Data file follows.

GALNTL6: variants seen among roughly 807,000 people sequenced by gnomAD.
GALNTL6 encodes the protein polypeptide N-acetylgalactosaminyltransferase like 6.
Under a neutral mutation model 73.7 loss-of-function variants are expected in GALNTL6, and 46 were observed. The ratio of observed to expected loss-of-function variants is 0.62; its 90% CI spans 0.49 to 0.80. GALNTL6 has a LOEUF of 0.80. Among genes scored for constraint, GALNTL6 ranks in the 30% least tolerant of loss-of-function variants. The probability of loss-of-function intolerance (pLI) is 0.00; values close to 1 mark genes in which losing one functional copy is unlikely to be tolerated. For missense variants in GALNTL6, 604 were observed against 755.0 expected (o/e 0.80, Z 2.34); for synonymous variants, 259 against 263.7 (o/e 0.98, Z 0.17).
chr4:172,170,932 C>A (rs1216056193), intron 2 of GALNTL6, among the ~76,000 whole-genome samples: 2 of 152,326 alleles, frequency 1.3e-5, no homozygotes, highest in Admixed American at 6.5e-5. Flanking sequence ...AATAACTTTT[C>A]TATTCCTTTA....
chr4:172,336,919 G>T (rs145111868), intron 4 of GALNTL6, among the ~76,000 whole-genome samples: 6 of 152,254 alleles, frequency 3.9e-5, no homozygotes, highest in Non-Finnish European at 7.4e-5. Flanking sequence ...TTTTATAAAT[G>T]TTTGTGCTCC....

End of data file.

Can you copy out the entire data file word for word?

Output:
GALNTL6: variants seen among roughly 807,000 people sequenced by gnomAD.
GALNTL6 encodes the protein polypeptide N-acetylgalactosaminyltransferase like 6.
Under a neutral mutation model 73.7 loss-of-function variants are expected in GALNTL6, and 46 were observed. The ratio of observed to expected loss-of-function variants is 0.62; its 90% CI spans 0.49 to 0.80. GALNTL6 has a LOEUF of 0.80. Among genes scored for constraint, GALNTL6 ranks in the 30% least tolerant of loss-of-function variants. The probability of loss-of-function intolerance (pLI) is 0.00; values close to 1 mark genes in which losing one functional copy is unlikely to be tolerated. For missense variants in GALNTL6, 604 were observed against 755.0 expected (o/e 0.80, Z 2.34); for synonymous variants, 259 against 263.7 (o/e 0.98, Z 0.17).
chr4:172,170,932 C>A (rs1216056193), intron 2 of GALNTL6, among the ~76,000 whole-genome samples: 2 of 152,326 alleles, frequency 1.3e-5, no homozygotes, highest in Admixed American at 6.5e-5. Flanking sequence ...AATAACTTTT[C>A]TATTCCTTTA....
chr4:172,336,919 G>T (rs145111868), intron 4 of GALNTL6, among the ~76,000 whole-genome samples: 6 of 152,254 alleles, frequency 3.9e-5, no homozygotes, highest in Non-Finnish European at 7.4e-5. Flanking sequence ...TTTTATAAAT[G>T]TTTGTGCTCC....